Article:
O'Neill Tunnel

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Thomas P. O'Neill Jr. Tunnel
Thomas P O'Neill Jr Tunnel entrance.jpg
The northbound entrance to the tunnel from I-93
LocationBoston, Massachusetts
Route I‑93 / US 1 / Route 3
StartSouth Boston
EndZakim Bunker Hill Bridge
OpenedMarch 29, 2003 (2003-03-29) (northbound), December 20, 2003 (southbound)
OwnerCommonwealth of Massachusetts
OperatorMassachusetts Department of Transportation
Length1.5 mi (2.4 km)
No. of lanes4
Operating speed45 mph (72 km/h)

The Thomas P. "Tip" O'Neill Jr. Tunnel (colloquially O'Neill Tunnel) is a highway tunnel built as part of the Big Dig in Boston, Massachusetts. It carries the Central Artery underneath downtown Boston, and is numbered as Interstate 93 (I-93), U.S. Route 1 (US 1), and Route 3. It roughly follows the route of the old elevated Central Artery, though the northbound entrance, at the corner of Kneeland Street and Atlantic Avenue, is somewhat east of the southbound exit (at Kneeland and Albany streets) to allow for a reconfigured interchange with the Massachusetts Turnpike. It runs from the Zakim Bunker Hill Bridge at its north portal—barely 165 feet (50 m) east of the TD Garden sports facility's eastern corner—to Boston's Chinatown at its south portal. The tunnel is named for Tip O'Neill, former Speaker of the United States House of Representatives.


Planning for the tunnel began in the mid-1980s, when it was determined that a replacement for the Central Artery was needed. Originally built for 75,000 vehicles a day, the expressway was carrying 200,000 vehicles a day by the early 1990s. It was even projected that, by 2010, there would be 16-hour daily traffic jams that would cost the local economy $500 million annually. Furthermore, the North End was cut off from the rest of the city, which hampered economic growth.[1]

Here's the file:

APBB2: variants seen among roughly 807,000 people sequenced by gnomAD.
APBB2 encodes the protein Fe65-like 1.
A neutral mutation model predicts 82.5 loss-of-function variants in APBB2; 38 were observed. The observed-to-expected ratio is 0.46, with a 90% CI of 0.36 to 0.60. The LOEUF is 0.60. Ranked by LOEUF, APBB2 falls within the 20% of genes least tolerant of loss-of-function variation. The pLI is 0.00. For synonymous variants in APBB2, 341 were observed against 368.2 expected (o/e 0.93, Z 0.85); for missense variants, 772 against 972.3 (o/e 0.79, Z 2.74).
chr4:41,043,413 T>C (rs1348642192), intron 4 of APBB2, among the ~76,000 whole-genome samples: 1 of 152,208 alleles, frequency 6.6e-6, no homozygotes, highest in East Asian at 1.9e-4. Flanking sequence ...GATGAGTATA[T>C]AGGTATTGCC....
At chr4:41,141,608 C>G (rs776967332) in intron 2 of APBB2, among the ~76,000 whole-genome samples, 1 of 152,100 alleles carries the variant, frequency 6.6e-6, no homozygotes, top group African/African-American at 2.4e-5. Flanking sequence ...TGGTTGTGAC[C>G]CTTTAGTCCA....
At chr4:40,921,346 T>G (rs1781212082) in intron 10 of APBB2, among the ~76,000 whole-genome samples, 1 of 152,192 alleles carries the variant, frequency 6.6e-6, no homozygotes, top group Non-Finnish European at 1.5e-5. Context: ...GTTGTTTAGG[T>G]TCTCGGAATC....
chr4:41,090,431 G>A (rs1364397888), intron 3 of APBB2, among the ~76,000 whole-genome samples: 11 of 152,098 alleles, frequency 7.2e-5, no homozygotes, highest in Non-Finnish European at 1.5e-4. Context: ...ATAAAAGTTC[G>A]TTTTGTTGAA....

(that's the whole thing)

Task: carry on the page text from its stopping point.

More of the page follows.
One challenge for building the tunnel was constructing the project underneath the existing expressway, as well as crippling the city due to the amount of construction involved.[1] In 1992, construction began on the tunnel, with the relocation of utilities. This was followed in 1996 by the beginning of construction on the tunnels with the pouring of slurry to build walls,[2] which was preceded by underpinning the expressway.[3] The northbound portion of the tunnel was opened in March 2003, followed by the opening of the southbound section in December of the same year. The renovated Dewey Square Tunnel, which was eventually incorporated into the O'Neill Tunnel, was opened in 2005.[2]

In March 2003, Massachusetts Governor Mitt Romney proposed to name the tunnel the "Liberty Tunnel". The state legislature and the Massachusetts delegation to Congress opposed the choice, and it was officially named after O'Neill (a longtime Speaker of the United States House of Representatives) by Section 1930 of the Safe, Accountable, Flexible, Efficient Transportation Equity Act: A Legacy for Users (SAFETEA-LU), which was passed by Congress and signed by then-President George W. Bush in 2005.[4]

Within a year of opening, a large leak backed up traffic for miles, which led to more investigation into leaks that were occurring within the structure. Due to the location of the tunnel near the ocean, brackish water was able to seep into cracks within the concrete, which have had the potential to cause flooding. This was also due to the purposeful design of the concrete to withstand 50-degree temperature swings, instead of the actual 100-degree swings that are experienced in Boston. In 2007, there were 500 leaks that needed to be repaired.[5] Corrosion of the tunnel light fixtures also became a problem as well, which was evidenced in 2011 when a light fixture crashed down onto the roadway. Between fixing the leaks and fixing corroded structures, a report in 2011 estimated that the costs could run a few hundred million dollars.[6]

See also[edit]


  1. ^ a b Highway Division (n.d.). "Project Background". Massachusetts Department of Transportation. Retrieved September 2, 2014.
  2. ^ a b Highway Division (n.d.). "The Big Dig". Massachusetts Department of Transportation. Retrieved September 2, 2014.
  3. ^ Highway Division (n.d.). "Tunnels and Bridges". Massachusetts Department of Transportation. Retrieved September 2, 2014.
  4. ^ Brown-West, Orikaye (2008). From Dream to Reality: Scaling the Construction Planning Hurdles of a Megaproject. [S.l.]: Lulu. pp. 64–65. ISBN 055700747X. Retrieved September 2, 2014 – via Google Books.
  5. ^ "500 Leaks Await Repair in Boston Tunnels". USA Today. Associated Press. August 22, 2007. Retrieved September 2, 2014.
  6. ^ Murphy, Sean P.; Allen, Scott (July 24, 2011). "Report Cites Costs, Risks of Big Dig Leaks". The Boston Globe. Retrieved September 2, 2014.

External links[edit]

Coordinates: 42°21′28″N 71°3′06″W / 42.35778°N 71.05167°W / 42.35778; -71.05167